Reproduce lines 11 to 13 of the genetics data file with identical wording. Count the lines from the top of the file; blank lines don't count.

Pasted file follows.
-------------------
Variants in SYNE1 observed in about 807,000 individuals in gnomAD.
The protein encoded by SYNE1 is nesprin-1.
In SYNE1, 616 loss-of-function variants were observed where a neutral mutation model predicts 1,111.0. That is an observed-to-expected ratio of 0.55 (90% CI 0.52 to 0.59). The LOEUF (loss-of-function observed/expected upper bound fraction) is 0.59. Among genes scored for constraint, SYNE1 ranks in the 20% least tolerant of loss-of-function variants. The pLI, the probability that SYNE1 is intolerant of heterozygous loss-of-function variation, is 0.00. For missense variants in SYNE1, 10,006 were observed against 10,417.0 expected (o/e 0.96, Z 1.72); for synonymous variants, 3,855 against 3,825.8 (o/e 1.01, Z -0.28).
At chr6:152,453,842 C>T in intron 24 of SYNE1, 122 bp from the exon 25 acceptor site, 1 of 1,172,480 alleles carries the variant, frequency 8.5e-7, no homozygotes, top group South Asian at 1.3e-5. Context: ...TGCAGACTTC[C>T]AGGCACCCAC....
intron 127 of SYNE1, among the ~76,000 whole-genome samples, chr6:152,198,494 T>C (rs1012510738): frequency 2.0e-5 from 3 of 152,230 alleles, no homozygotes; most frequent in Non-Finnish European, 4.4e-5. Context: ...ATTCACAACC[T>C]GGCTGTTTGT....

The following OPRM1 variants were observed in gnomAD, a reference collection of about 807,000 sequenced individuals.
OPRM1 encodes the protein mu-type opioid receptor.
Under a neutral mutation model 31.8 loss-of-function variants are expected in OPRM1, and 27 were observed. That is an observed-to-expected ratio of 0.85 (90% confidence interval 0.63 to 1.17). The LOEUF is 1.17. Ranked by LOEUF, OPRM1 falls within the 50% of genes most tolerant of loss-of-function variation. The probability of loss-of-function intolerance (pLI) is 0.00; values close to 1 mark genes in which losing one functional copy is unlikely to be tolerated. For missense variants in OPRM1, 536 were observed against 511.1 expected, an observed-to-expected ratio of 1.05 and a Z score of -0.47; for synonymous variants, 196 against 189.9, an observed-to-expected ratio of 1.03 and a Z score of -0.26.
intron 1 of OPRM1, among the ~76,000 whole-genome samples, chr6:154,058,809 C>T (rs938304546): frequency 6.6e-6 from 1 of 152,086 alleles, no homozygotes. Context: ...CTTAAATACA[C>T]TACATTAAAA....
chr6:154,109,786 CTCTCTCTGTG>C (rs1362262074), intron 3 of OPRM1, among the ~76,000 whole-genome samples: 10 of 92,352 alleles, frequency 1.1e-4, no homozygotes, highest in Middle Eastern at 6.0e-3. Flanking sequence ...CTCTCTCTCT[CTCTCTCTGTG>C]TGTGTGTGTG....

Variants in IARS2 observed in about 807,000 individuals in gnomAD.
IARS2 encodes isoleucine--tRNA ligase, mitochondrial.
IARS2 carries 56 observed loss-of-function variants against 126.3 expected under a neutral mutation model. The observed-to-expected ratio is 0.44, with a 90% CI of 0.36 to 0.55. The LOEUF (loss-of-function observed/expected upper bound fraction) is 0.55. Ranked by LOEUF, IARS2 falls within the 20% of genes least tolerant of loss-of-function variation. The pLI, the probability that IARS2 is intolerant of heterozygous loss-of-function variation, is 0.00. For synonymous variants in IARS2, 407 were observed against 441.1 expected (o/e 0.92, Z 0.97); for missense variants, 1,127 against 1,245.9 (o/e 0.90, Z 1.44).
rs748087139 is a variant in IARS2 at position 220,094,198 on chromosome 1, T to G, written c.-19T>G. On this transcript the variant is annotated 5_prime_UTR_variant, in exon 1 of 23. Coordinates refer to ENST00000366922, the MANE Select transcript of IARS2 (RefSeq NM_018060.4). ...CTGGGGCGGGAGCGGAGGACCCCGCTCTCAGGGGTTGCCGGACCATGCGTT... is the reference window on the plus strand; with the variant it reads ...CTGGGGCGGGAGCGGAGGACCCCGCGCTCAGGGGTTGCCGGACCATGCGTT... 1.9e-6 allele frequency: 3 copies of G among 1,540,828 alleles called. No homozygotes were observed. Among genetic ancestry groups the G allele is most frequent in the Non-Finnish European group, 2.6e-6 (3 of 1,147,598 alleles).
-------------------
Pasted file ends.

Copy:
Variants in IARS2 observed in about 807,000 individuals in gnomAD.
IARS2 encodes isoleucine--tRNA ligase, mitochondrial.
IARS2 carries 56 observed loss-of-function variants against 126.3 expected under a neutral mutation model. The observed-to-expected ratio is 0.44, with a 90% CI of 0.36 to 0.55. The LOEUF (loss-of-function observed/expected upper bound fraction) is 0.55. Ranked by LOEUF, IARS2 falls within the 20% of genes least tolerant of loss-of-function variation. The pLI, the probability that IARS2 is intolerant of heterozygous loss-of-function variation, is 0.00. For synonymous variants in IARS2, 407 were observed against 441.1 expected (o/e 0.92, Z 0.97); for missense variants, 1,127 against 1,245.9 (o/e 0.90, Z 1.44).